Tuesday, 16 June 2015

Review: Arts & Crafts as a modern, expressive art form. Stained Glass

As some of you will know from reading this blog, I have spent a fair amount of my time in churches over the years.  Obviously because of my love of Pre-Raphaelites I have a fondness for stained glass and love seeing new and interesting windows.  Here's one of my favourites...

Light of the World at the church in Freshwater
Anyway, imagine my delight when I was sent a review copy of Arts and Crafts Stained Glass by Peter Cormack.  This massive, glossy tome of 354 pages long is richly illustrated in colour and contains enough windows to keep me quiet for many an hour, together with the fascinating history of how the Arts and Crafts Movement transformed the look and production of stained glass, religious and secular, in both Britain and America.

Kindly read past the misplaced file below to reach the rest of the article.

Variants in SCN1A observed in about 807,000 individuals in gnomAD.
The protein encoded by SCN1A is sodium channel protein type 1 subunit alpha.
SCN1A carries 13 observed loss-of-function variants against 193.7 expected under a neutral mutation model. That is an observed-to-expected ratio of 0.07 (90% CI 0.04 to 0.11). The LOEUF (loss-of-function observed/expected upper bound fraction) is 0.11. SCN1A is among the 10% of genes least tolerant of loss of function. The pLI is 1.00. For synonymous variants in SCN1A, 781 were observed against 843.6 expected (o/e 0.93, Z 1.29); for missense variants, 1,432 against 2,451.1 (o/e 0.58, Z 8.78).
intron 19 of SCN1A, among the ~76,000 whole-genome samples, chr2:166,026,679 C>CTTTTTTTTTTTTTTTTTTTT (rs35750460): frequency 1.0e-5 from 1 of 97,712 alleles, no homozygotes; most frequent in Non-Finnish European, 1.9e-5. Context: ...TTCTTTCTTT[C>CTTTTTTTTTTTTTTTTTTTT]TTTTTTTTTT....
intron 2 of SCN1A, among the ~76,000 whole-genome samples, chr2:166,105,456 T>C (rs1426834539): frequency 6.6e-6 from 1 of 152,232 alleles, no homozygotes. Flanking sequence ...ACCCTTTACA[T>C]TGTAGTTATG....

Detail of Dante and Beatrice (1911) Florence Camm and T W Camm studio
This book is the culmination of 30 years worth of research into the subject and aims to show how the Arts and Crafts Movement of the 1880s and 90s was progressive in its reinvention of stained-glass as a modern, progressive art form.

Christopher and Florence Whall (1885)
It's a book about personalities as much as it is a book about art, with the figure of Christopher Whall looming large as charismatic teacher and producer of exciting panels.  Much like Julia Margaret Cameron and her chicken house studio, Whall set up his studio in a stable (or 'cow-house' as he referred to it), working alongside Polly the cow and a host of chickens.

Eve (1891) Christopher Whall and Britten & Gilson
Under his tutelage and inspiration, many female designers and practitioners arose and the women of the Arts and Crafts stained-glass movement were crucial in its success.  Cormack argues that meaningful equality was reached with male colleagues more fully than any other applied art, which is an interesting claim and seems to be comprehensively backed up by figures such as Mary Hamilton Frye, Mary J. Newill, Helen Coombe, Mary Lowndes and Margaret Rope, who created a panel on this familiar subject...